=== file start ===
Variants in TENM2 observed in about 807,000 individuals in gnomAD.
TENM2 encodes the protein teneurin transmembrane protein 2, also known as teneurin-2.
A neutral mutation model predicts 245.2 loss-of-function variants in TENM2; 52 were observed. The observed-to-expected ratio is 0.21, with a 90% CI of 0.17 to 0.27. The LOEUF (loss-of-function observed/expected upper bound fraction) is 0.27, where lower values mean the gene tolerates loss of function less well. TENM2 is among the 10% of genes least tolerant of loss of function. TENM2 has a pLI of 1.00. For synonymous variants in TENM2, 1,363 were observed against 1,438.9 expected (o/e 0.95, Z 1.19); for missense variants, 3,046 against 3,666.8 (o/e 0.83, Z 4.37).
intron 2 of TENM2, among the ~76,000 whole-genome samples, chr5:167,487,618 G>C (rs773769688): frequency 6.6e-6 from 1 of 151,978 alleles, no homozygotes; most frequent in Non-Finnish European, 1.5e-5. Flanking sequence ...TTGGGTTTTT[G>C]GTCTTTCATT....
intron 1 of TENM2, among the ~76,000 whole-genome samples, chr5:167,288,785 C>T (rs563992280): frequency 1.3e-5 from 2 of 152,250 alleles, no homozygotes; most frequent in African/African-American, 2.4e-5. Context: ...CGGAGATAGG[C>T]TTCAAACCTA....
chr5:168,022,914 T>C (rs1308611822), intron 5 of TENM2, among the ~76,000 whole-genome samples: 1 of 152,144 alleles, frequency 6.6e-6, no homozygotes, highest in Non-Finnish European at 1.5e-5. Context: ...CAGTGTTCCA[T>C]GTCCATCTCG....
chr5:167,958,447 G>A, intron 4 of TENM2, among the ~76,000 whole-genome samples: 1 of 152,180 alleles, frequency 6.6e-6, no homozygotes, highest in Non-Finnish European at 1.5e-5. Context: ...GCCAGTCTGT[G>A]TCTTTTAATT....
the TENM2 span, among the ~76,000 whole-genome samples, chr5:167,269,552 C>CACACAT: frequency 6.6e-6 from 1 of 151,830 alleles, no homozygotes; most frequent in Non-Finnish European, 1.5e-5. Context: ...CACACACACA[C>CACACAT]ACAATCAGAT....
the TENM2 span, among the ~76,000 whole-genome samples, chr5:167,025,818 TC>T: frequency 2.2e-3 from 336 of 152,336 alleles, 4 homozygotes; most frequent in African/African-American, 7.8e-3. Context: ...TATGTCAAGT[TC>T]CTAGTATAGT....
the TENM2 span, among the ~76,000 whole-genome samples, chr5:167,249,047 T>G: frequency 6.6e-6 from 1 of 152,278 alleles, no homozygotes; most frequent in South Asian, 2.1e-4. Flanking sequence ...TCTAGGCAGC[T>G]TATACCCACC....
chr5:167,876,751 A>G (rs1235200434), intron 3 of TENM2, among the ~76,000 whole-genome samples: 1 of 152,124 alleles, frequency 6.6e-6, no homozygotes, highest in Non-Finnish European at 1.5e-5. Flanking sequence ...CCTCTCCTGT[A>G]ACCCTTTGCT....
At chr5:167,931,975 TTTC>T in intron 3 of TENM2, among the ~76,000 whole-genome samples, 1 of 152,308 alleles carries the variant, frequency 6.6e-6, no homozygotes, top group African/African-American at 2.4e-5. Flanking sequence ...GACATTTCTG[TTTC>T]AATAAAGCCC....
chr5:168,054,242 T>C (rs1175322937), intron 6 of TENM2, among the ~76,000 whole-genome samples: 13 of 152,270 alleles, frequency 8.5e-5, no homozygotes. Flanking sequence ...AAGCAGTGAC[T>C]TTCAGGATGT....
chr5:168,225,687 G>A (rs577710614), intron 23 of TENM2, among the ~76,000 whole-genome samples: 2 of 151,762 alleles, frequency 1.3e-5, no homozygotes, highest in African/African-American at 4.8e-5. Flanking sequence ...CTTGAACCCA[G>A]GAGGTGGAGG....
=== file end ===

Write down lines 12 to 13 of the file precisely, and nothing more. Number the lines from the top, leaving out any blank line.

At chr5:167,931,975 TTTC>T in intron 3 of TENM2, among the ~76,000 whole-genome samples, 1 of 152,308 alleles carries the variant, frequency 6.6e-6, no homozygotes, top group African/African-American at 2.4e-5. Flanking sequence ...GACATTTCTG[TTTC>T]AATAAAGCCC....
chr5:168,054,242 T>C (rs1175322937), intron 6 of TENM2, among the ~76,000 whole-genome samples: 13 of 152,270 alleles, frequency 8.5e-5, no homozygotes. Flanking sequence ...AAGCAGTGAC[T>C]TTCAGGATGT....